Teach well.  Make sure kids know that you’re not away from church because sports are more important.  Keep your eyes open for teaching moments.  As your kids get older, the moments become clearer.  Are you prepared for them?  And more importantly, how well have you prepared your kids for them?

A local basketball tournament changes schedules around and places your son’s team playing on Sunday.  Let him know it’s ok to choose to go to church and miss his game.  Let the choice be his, but lay out the steps for him to choose faith over sports.

Your daughter’s soccer coach holds practice on Wednesday nights during your church’s youth group activities.  Let the choice be hers to make.  Make sure she knows that you think it’s awesome if she makes the choice to attend youth group.

Encourage them to take those bold steps that say, “My faith in God is the center of my life.”

Yes, sports are a wonderful part of a child’s development in so many ways.  But they are temporary.  Parents have to be aware when the balance scales are tipping dangerously in the wrong direction.

“I can’t miss a single practice, no matter what.”  The tipping point is when parents adopt this same philosophy.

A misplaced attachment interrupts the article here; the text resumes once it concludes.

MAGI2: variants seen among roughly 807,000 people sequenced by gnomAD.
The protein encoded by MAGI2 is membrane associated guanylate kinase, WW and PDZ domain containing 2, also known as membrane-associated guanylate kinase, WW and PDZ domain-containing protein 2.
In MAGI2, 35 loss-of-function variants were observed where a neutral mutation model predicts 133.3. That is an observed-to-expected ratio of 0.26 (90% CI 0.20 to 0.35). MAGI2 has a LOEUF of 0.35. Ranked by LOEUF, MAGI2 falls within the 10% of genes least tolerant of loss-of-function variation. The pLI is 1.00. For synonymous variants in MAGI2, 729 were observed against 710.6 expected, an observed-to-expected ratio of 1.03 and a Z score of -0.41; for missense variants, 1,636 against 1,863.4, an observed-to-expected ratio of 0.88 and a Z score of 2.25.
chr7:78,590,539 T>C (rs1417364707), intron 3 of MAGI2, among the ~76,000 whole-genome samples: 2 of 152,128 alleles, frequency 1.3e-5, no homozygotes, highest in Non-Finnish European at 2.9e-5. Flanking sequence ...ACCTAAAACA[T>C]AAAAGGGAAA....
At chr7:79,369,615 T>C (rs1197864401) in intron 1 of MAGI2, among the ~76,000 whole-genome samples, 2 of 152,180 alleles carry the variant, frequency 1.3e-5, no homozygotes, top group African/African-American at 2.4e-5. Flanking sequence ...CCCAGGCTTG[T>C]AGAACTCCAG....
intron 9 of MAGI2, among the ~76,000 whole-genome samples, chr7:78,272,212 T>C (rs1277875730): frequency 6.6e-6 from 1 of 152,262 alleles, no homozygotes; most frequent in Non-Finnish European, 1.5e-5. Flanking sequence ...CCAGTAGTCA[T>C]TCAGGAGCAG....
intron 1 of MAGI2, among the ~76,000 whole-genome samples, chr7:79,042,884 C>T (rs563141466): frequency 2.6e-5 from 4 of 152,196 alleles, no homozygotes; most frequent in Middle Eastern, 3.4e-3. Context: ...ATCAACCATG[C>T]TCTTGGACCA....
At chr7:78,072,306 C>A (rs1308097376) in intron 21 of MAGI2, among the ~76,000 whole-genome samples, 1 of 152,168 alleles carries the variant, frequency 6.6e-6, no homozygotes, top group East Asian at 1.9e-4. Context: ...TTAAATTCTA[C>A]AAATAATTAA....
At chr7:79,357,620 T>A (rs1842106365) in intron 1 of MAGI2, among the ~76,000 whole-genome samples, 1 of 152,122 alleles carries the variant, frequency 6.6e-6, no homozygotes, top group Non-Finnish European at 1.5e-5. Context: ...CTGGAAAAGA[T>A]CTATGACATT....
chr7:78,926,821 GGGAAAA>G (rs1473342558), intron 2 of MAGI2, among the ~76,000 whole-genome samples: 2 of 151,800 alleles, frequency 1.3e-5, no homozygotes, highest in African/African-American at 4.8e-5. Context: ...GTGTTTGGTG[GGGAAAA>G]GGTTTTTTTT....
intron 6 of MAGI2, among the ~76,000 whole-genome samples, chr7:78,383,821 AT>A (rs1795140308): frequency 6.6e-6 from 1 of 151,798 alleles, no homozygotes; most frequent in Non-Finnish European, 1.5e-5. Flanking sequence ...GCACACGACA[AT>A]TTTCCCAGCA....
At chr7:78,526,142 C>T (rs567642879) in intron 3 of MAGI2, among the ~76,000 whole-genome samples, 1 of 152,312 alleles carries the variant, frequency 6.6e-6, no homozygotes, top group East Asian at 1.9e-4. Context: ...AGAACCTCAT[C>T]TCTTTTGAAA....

And like sports are temporary, childhood is temporary.  A big part of parenting is simply training up our children to make good choices as they mature.

Pave the way for these types of choices, encourage them:

“Coach, I won’t be at practice tonight.  I’m going to church.”

“Coach, I’m not going to soccer camp this year.  I’m going on a mission trip.”

“Coach, I’m going to miss some summer league games.  I’m going to church camp.”

Sometimes it doesn’t matter where you are on a given Sunday morning.  It matters greatly where your heart is and the lessons that your life speaks year-round.

Play hard.  Have fun.  Watch the scales.

The sports equipment goes to the yard sales and closets sooner than you realize.

Hopefully, most of us won’t wait til then to try to convince our kids how important a Christ-centered life is.

 

He’s a Good Boy…..When He’s Asleep

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Very few people have the ability to be obnoxious, even in their sleep.

I would be one of those people.

No, I don’t snore. Nor do I kick, punch, swear, or yell.

My sin of slumber?

The iPhone alarm with hand-picked tunes for an alarm tone.

I don’t see it as a problem.

But I am told that my wife hates it when Bohemian Rhapsody makes it all the way to the part where the Wayne and Garth start rocking out in the Gremlin…..and it fails to wake me.

Or perhaps a quick dose of Parry Gripp’s “Chimpanzee Ridin on a Segway”.

Sure to irritate every time.

And I’m a chronic snoozer.

But overall, everybody is on pretty good behavior during their hours of slumber.

It’s during those darn waking hours that we are destined to start screwing up.